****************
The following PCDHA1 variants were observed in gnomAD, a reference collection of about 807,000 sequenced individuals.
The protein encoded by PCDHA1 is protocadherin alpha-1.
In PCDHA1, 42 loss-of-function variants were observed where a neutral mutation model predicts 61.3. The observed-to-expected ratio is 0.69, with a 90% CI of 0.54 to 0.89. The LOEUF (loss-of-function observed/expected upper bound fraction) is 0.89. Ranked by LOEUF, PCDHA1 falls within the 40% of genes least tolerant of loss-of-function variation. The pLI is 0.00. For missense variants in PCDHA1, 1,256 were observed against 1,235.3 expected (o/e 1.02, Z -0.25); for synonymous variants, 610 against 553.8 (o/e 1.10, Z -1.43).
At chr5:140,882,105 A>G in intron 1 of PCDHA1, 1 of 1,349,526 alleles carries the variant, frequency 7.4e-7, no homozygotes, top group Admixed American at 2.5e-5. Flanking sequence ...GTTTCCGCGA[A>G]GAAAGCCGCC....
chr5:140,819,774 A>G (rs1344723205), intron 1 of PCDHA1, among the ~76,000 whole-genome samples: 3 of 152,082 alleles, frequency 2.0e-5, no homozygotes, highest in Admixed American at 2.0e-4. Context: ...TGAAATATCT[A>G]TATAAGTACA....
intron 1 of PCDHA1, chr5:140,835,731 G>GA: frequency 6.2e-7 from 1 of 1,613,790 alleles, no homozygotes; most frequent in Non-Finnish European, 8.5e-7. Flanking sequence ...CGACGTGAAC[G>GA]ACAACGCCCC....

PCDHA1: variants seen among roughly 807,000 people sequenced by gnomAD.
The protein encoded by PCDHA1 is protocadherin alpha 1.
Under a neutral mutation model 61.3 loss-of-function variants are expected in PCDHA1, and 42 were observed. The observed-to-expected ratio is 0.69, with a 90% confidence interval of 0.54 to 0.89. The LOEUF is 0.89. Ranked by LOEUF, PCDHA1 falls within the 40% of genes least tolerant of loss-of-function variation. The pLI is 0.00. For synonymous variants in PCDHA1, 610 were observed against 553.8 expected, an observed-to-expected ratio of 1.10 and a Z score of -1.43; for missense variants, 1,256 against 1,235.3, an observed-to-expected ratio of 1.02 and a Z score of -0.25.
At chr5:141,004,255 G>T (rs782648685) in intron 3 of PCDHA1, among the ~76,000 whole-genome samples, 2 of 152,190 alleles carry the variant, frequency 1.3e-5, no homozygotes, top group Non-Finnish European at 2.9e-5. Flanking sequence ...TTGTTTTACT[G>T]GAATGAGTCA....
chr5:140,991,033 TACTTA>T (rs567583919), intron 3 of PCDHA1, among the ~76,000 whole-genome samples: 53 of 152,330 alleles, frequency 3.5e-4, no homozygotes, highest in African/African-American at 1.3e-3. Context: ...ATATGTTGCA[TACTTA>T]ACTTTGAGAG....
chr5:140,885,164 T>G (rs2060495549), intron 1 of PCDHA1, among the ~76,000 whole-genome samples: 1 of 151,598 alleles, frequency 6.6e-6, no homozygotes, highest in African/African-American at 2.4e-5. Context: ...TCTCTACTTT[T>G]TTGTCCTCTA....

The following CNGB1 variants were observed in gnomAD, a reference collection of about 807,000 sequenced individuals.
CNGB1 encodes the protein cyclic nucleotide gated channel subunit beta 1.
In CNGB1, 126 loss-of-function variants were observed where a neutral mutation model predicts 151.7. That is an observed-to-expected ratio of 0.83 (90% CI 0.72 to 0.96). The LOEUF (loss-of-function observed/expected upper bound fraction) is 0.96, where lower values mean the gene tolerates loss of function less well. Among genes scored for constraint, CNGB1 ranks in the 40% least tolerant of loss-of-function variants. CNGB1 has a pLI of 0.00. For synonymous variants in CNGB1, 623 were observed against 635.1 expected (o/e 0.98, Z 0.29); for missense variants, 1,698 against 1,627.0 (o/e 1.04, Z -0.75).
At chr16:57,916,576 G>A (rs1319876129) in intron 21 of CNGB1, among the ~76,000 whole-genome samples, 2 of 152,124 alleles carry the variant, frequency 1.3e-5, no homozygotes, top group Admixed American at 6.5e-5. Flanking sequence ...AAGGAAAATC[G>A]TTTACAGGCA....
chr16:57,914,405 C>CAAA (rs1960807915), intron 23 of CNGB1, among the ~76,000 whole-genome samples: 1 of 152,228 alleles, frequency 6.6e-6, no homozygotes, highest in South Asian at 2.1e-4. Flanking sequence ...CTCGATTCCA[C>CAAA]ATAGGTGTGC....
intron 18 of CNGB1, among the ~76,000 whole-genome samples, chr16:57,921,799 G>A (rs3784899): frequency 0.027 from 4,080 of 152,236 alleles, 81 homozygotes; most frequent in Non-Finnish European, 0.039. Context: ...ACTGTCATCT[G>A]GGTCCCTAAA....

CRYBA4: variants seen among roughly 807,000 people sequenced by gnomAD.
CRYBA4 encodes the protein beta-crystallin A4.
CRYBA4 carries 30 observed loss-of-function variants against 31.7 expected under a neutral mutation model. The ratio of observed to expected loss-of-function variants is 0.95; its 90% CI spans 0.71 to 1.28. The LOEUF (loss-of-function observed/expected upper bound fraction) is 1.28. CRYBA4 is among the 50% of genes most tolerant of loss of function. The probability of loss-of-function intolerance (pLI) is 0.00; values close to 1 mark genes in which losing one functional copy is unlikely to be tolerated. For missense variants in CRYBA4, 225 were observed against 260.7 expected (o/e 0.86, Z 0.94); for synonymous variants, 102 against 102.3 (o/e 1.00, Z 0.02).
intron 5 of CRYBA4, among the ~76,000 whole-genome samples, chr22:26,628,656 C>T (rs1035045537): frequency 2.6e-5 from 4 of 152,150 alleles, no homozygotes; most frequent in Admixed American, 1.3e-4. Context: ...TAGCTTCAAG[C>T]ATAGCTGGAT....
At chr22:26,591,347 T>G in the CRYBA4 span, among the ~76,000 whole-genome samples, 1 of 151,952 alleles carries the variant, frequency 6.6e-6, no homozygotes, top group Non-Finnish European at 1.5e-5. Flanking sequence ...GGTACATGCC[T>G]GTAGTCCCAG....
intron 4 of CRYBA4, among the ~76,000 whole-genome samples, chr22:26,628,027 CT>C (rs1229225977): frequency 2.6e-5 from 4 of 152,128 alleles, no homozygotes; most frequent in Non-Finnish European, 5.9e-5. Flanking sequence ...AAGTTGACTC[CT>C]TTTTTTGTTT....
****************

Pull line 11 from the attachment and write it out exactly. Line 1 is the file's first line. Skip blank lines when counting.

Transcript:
chr5:140,991,033 TACTTA>T (rs567583919), intron 3 of PCDHA1, among the ~76,000 whole-genome samples: 53 of 152,330 alleles, frequency 3.5e-4, no homozygotes, highest in African/African-American at 1.3e-3. Context: ...ATATGTTGCA[TACTTA>T]ACTTTGAGAG....